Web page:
The Toll 49 Reinvestment Zone currently being considered by the Smith County Commissioners Court will take property tax revenue from Smith County and give it to the state to enhance a toll road the state has committed to complete.

If the Reinvestment Zone passes, it will take money from other Smith Count road and shoulder projects that would benefit our bicycling community.

Why would the Tyler bicycle Community want to divert it's property tax dollars to an unelected bureaucracy that has arbitrarily and capriciously banned it from the safest place to cycle in the region?

Why would the Tyler Bicycle community take tax dollars from county road budgets that could improve the condition and safety of alternative county roads and cycleable shoulders?

Why would the Tyler bicycle community want to reward unelected Texas Department of Transportation bureaucrats who are vindictively punishing cyclists (those who value their lives above their wallets) with exorbitant $250 fines for cycling the safest pavement in East Texas? Pavement, by the way, that the NETRMA initially agreed by a 7-to-2 vote was the safest pavement to cycle in Smith County.

If the Tyler cycling community cares about how its tax dollars are spent and cares about the safety of its cyclists, it will reject this Tax Reinvestment Zone usurpation.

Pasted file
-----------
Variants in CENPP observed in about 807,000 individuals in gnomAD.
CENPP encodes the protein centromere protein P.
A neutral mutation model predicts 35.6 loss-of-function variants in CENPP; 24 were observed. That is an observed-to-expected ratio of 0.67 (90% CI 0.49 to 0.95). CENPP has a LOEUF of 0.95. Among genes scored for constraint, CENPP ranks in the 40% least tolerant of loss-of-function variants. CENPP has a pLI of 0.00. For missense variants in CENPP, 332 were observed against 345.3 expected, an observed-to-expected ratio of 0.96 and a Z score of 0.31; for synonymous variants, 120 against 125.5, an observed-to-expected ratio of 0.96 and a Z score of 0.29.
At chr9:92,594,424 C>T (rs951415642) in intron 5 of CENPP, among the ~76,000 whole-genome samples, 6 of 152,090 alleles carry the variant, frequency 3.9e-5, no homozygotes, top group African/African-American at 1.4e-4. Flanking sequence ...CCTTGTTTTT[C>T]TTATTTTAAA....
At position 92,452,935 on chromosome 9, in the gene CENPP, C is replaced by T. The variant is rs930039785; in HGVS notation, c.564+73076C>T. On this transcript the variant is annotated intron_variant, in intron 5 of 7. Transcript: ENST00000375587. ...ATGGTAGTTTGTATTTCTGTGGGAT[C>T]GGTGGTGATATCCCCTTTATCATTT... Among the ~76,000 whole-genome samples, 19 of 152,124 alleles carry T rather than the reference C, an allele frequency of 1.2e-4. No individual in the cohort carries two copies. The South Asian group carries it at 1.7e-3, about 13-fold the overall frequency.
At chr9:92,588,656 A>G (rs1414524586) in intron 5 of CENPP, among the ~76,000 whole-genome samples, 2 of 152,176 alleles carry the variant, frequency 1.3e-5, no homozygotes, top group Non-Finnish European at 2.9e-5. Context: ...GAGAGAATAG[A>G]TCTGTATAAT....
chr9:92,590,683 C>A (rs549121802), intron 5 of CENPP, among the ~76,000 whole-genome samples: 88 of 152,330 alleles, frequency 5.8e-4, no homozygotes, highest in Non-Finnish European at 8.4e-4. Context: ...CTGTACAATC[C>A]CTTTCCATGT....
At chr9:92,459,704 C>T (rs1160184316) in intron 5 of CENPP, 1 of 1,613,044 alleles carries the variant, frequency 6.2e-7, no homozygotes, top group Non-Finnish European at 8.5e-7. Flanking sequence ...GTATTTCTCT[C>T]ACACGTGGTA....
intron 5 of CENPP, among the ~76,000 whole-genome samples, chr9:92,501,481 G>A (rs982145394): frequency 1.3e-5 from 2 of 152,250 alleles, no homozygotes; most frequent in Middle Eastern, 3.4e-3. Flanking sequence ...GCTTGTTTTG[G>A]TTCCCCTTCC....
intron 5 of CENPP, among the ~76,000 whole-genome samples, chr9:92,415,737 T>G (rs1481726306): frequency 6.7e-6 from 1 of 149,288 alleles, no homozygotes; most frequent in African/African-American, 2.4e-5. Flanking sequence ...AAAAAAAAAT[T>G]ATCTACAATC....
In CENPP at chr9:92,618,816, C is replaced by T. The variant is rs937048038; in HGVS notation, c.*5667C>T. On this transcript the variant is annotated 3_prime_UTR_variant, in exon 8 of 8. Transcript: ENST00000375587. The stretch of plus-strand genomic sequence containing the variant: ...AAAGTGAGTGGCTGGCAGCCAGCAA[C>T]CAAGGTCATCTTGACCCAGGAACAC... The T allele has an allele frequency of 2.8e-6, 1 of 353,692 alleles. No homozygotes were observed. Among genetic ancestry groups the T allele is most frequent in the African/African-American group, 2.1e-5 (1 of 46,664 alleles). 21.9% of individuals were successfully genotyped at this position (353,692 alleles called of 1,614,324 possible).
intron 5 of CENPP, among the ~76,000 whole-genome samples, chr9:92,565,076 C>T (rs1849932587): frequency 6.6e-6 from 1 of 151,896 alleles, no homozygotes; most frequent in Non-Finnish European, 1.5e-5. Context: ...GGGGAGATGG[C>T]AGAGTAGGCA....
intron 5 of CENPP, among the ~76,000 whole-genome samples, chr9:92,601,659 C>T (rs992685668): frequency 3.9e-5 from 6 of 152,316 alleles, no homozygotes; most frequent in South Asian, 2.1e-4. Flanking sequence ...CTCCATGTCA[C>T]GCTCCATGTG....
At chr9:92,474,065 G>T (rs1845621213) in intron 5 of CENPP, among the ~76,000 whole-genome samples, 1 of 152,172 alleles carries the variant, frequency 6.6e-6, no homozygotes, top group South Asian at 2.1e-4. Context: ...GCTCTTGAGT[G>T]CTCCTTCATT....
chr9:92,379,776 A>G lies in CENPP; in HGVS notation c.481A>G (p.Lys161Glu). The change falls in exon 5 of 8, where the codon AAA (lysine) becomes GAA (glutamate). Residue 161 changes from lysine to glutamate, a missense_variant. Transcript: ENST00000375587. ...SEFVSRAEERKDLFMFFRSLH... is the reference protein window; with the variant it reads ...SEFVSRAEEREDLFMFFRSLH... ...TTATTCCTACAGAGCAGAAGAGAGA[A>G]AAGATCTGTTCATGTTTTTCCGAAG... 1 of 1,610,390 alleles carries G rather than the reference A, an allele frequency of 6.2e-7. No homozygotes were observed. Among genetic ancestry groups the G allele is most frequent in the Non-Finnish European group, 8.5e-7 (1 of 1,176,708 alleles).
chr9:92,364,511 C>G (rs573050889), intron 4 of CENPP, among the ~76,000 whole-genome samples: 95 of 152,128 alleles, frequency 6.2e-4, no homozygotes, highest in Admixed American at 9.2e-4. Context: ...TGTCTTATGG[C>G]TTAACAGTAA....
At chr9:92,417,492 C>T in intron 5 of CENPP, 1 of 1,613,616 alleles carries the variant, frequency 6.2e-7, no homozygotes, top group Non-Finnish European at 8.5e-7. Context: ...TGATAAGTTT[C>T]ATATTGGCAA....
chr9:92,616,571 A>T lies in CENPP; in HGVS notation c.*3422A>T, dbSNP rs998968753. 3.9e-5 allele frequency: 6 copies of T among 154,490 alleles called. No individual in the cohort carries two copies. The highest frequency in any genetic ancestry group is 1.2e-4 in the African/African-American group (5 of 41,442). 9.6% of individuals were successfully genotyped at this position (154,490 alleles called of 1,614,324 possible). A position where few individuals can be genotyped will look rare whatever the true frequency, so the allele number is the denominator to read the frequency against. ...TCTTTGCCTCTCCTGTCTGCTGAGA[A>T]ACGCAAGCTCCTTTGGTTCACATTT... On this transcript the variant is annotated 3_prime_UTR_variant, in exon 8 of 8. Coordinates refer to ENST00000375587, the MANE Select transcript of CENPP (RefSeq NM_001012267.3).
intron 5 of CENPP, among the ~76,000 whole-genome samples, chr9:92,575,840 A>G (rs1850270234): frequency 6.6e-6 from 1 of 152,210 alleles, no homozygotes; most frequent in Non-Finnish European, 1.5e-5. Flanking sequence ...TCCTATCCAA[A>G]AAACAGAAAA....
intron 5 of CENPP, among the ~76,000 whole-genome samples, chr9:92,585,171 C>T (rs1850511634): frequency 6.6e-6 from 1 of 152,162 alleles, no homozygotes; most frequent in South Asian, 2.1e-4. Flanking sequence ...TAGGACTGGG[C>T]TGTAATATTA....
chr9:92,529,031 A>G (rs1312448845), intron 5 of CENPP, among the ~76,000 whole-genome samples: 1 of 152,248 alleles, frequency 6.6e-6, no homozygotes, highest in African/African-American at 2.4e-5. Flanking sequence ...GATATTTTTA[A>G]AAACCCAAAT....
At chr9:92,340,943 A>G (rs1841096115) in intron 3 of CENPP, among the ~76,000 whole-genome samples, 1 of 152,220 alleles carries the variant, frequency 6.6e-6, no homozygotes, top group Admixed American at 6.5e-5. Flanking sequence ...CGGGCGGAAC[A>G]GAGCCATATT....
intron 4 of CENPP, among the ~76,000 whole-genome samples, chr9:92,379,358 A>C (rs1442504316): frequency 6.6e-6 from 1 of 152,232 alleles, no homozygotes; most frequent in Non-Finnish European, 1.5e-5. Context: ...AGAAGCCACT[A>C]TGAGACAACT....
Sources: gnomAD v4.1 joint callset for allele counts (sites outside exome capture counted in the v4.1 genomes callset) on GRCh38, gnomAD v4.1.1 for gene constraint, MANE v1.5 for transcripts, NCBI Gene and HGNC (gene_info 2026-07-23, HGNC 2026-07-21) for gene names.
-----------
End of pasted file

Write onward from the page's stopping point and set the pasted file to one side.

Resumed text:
Bob Brewer




Last week, the Tyler City Council had the opportunity to become a partner in a state-of-the-art animal care facility in conjunction with the SPCA of East Texas.

The SPCA wanted the city to join them in providing many valuable services to area residents.

The SPCA had received an amazingly generous donation of 60 prime acres in South Tyler and asked the city to build on the property so the groups could work together. There would be no cost to the city for the land.

The City Council decided that free property was not a "bargain."

The city opted to spend over a half million dollars on remote property west of Tyler.

There will be no adoption center at the city location. There will be no animal services at the city location.

It will be nearly impossible for citizens to retrieve pets from the city location.

Almost every animal picked up by animal control and taken to the city location will be euthanized.

The city "pound" will flourish. The facility is being planned to house 50 dogs — a number they will pick up many months of the year. To make room, there will be no choice but the continual euthanasia of thousands of animals.

The people of Tyler expect and deserve more than a return to the "dark ages" of animal care.

The SPCA could have gained city cooperation if the organization had been willing to give the city $200,000 of the hard-earned private donations they have collected for an adoption facility. They declined, as they are good stewards of the money and respect the wishes of their contributors.

Sadly, it appears the City Council does neither.

The City Council should be ashamed and the residents of Tyler should be outraged.

Brenda House




Did you see the Pittsburg Steelers' new uniforms in their game with Detroit recently? I don't mean to be critical, but those were without a doubt the ugliest football uniforms in existence. They looked disturbingly like the outfits worn by contestants in the Texas Prison Rodeo.

Or, put another way, if ugly uniforms were an Olympic event, the Steelers would come home with the gold.

I'm not a betting man, but I'd bet my next Social Security check that the players didn't get a vote on that decision.

Hugh Neeld






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